Engineer's view: Wireless LAN performance and Wi-Fi client variation
In your opinion, why do Wi-Fi clients vary in how they perform on a WLAN, and what should the industry do about it?
Wireless technology is evolving rapidly. Some manufacturers are taking their best guess on what they should add to their hardware/software to be prepared for the new wireless technologies. Other manufacturers haven't updated their technology in years. When all the clients have to be on the same wireless network, the settings may not allow optimum performance for everyone. We also see differences in how the client management software works with the hardware. In many cases, troublesome laptops may work better using Windows to manage wireless settings vs. the [wireless] card's manufacturer's software.
I believe the industry should define better standards, perform better quality assurance [test with other manufacturers] and make it easier to troubleshoot. [This will] allow the technology to run optimally for all clients. Customers need wireless to be as stable as Ethernet. How does this problem of varied Wi-Fi client performance manifest itself on your wireless LAN?
We see this in help desk tickets. When you fix an issue in one area to fix a certain type of wireless client, another type of client may be negatively impacted. How does it affect user experience of wireless LAN performance?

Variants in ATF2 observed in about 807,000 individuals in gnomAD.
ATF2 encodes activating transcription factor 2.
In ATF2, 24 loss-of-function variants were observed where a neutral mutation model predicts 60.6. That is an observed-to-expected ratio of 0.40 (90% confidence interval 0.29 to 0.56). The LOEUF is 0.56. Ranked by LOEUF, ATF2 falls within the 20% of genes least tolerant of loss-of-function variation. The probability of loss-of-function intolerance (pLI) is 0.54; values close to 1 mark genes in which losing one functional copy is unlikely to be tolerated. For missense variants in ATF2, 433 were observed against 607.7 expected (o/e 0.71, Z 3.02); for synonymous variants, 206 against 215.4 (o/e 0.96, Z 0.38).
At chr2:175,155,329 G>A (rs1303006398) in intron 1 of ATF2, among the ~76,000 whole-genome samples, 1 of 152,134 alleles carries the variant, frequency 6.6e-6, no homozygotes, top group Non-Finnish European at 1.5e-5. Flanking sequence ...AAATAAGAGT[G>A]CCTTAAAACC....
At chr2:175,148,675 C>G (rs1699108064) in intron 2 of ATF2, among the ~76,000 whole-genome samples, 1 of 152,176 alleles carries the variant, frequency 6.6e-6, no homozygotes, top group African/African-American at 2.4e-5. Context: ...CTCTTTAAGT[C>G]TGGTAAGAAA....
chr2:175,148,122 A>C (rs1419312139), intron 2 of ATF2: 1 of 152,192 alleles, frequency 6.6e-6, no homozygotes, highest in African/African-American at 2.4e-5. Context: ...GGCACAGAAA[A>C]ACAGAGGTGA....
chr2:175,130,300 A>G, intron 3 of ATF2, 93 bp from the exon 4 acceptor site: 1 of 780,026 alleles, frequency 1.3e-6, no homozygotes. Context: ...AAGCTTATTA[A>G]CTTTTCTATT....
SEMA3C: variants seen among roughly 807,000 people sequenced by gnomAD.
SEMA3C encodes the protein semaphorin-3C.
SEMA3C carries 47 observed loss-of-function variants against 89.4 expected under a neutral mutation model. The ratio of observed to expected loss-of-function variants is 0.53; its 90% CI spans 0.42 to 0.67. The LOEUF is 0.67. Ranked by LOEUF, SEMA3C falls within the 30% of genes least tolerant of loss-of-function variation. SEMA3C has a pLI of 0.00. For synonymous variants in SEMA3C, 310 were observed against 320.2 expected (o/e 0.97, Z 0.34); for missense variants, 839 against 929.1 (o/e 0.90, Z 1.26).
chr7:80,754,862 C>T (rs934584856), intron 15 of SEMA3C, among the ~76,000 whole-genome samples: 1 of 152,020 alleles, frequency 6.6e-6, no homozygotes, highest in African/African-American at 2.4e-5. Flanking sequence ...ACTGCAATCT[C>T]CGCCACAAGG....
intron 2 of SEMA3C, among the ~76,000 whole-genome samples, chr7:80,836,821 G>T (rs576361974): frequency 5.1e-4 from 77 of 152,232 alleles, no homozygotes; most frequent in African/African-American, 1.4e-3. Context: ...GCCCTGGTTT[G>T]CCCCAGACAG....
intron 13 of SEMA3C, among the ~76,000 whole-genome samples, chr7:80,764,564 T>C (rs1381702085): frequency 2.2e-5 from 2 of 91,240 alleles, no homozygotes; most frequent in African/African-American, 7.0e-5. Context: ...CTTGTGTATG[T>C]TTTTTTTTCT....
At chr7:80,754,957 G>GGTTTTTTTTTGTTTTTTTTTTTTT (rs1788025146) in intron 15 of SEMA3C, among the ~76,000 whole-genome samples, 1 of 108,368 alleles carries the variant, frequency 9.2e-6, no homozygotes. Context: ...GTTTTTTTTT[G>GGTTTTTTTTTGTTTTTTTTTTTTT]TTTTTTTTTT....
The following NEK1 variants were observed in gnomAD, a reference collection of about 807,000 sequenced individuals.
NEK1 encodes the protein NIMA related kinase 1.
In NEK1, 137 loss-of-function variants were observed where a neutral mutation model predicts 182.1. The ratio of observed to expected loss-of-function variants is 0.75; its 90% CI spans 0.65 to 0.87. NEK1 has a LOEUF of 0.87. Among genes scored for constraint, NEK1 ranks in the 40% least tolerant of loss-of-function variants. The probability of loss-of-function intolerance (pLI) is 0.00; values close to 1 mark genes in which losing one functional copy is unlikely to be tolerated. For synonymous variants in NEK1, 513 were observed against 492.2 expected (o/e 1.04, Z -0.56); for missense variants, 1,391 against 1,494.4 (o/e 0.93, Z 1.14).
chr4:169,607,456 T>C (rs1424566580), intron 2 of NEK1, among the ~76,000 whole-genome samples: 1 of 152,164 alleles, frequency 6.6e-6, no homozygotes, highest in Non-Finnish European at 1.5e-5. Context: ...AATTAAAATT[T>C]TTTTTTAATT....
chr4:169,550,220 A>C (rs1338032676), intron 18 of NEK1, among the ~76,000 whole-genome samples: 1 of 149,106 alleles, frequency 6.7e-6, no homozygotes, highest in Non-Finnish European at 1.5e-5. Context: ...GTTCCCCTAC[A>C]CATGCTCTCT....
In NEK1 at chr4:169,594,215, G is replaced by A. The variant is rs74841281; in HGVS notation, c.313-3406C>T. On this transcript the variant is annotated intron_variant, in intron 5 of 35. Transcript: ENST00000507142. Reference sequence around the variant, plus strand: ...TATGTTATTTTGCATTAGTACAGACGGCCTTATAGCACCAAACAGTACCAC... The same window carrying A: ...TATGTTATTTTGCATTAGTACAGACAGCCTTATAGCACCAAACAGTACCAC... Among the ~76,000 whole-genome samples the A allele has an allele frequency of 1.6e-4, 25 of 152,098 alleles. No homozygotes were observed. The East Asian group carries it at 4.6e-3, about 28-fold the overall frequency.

While we strive to give everyone optimal performance, this is difficult to do for every square foot of real estate. Some clients work fine as long as they are connected. A somewhat slow connection is acceptable. This is not the case with real-time protocols such as voice and video. Dropping a call or poor voice quality is unacceptable. Rebooting is not uncommon to reconnect wireless devices and is a user inconvenience.
How do you try to get visibility into this varied wireless LAN performance, and what do you do about it?
We use Aruba's Airwave product to monitor performance and troubleshoot client issues. Using this tool, we actually found cases where we had to shut access points off because we deployed too many and they worked against one another. We are developing plans to change access point layouts, developing a refresh plan because of the fast-changing technology, and continuing to do extensive testing of clients prior to deployment.